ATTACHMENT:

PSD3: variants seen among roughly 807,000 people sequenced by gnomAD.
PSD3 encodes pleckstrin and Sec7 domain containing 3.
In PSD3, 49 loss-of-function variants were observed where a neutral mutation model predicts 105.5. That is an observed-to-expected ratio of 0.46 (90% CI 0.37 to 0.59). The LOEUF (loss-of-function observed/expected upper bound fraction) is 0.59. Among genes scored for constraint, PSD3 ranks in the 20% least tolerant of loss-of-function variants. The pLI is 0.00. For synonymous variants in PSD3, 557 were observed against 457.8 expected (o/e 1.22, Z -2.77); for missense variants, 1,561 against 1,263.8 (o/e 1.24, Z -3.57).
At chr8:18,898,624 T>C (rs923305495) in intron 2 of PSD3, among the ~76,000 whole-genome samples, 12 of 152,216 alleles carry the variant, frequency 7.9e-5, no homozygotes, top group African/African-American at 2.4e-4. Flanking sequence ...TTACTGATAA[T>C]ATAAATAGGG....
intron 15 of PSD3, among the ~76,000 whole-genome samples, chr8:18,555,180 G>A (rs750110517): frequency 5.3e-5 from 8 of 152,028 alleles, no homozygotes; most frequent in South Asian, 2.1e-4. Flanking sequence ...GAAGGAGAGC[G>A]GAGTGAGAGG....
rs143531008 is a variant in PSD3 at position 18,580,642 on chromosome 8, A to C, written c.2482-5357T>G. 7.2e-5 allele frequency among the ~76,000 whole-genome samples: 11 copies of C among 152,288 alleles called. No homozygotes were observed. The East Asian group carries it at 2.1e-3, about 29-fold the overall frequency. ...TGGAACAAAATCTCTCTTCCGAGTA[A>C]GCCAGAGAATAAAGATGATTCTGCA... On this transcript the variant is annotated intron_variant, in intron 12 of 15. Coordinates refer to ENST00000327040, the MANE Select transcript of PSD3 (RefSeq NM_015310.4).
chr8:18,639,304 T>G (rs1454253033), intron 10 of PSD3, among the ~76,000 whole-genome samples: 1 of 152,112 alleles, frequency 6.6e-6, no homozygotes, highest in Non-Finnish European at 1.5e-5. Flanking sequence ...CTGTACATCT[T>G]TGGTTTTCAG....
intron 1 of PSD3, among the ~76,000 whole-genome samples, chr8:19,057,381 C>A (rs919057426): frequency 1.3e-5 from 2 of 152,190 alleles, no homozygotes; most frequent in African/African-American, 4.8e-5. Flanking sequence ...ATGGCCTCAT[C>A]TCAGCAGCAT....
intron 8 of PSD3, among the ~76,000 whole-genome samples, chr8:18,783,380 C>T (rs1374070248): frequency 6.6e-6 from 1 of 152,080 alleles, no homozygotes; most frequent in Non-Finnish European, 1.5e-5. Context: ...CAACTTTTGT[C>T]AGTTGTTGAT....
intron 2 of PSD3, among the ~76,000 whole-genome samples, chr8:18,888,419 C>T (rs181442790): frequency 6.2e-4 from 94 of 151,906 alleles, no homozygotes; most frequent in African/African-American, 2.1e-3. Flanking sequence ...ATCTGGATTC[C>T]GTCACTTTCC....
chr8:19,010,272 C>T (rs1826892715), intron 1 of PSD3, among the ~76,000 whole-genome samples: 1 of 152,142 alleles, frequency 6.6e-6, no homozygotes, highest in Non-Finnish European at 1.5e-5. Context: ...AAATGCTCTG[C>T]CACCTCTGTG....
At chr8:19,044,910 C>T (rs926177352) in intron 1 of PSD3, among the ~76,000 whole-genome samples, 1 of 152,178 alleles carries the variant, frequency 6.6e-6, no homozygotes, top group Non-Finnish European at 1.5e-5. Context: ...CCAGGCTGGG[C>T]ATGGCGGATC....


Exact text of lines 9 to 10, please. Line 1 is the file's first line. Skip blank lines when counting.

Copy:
intron 8 of PSD3, among the ~76,000 whole-genome samples, chr8:18,783,380 C>T (rs1374070248): frequency 6.6e-6 from 1 of 152,080 alleles, no homozygotes; most frequent in Non-Finnish European, 1.5e-5. Context: ...CAACTTTTGT[C>T]AGTTGTTGAT....
intron 2 of PSD3, among the ~76,000 whole-genome samples, chr8:18,888,419 C>T (rs181442790): frequency 6.2e-4 from 94 of 151,906 alleles, no homozygotes; most frequent in African/African-American, 2.1e-3. Flanking sequence ...ATCTGGATTC[C>T]GTCACTTTCC....